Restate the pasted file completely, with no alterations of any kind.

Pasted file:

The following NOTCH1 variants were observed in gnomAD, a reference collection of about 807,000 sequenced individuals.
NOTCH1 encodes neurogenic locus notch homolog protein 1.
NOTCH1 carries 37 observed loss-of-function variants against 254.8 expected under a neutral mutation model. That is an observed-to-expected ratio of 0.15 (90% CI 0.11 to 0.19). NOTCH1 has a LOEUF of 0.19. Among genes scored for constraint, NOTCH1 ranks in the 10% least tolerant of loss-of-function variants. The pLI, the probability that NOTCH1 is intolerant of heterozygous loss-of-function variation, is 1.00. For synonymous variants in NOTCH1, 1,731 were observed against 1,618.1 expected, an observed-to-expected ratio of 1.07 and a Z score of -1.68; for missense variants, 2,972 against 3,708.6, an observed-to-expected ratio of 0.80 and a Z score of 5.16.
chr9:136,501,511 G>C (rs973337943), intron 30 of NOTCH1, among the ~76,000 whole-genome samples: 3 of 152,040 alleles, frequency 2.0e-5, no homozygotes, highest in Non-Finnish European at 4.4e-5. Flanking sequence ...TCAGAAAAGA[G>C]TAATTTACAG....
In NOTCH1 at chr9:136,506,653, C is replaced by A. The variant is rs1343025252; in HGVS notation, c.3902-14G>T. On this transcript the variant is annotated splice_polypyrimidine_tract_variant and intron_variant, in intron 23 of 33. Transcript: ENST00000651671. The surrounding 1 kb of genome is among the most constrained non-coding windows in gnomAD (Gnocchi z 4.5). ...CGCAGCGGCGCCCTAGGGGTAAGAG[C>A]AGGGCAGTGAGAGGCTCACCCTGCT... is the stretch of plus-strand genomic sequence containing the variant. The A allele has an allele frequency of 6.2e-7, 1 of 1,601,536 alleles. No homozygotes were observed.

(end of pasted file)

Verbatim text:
The following NOTCH1 variants were observed in gnomAD, a reference collection of about 807,000 sequenced individuals.
NOTCH1 encodes neurogenic locus notch homolog protein 1.
NOTCH1 carries 37 observed loss-of-function variants against 254.8 expected under a neutral mutation model. That is an observed-to-expected ratio of 0.15 (90% CI 0.11 to 0.19). NOTCH1 has a LOEUF of 0.19. Among genes scored for constraint, NOTCH1 ranks in the 10% least tolerant of loss-of-function variants. The pLI, the probability that NOTCH1 is intolerant of heterozygous loss-of-function variation, is 1.00. For synonymous variants in NOTCH1, 1,731 were observed against 1,618.1 expected, an observed-to-expected ratio of 1.07 and a Z score of -1.68; for missense variants, 2,972 against 3,708.6, an observed-to-expected ratio of 0.80 and a Z score of 5.16.
chr9:136,501,511 G>C (rs973337943), intron 30 of NOTCH1, among the ~76,000 whole-genome samples: 3 of 152,040 alleles, frequency 2.0e-5, no homozygotes, highest in Non-Finnish European at 4.4e-5. Flanking sequence ...TCAGAAAAGA[G>C]TAATTTACAG....
In NOTCH1 at chr9:136,506,653, C is replaced by A. The variant is rs1343025252; in HGVS notation, c.3902-14G>T. On this transcript the variant is annotated splice_polypyrimidine_tract_variant and intron_variant, in intron 23 of 33. Transcript: ENST00000651671. The surrounding 1 kb of genome is among the most constrained non-coding windows in gnomAD (Gnocchi z 4.5). ...CGCAGCGGCGCCCTAGGGGTAAGAG[C>A]AGGGCAGTGAGAGGCTCACCCTGCT... is the stretch of plus-strand genomic sequence containing the variant. The A allele has an allele frequency of 6.2e-7, 1 of 1,601,536 alleles. No homozygotes were observed.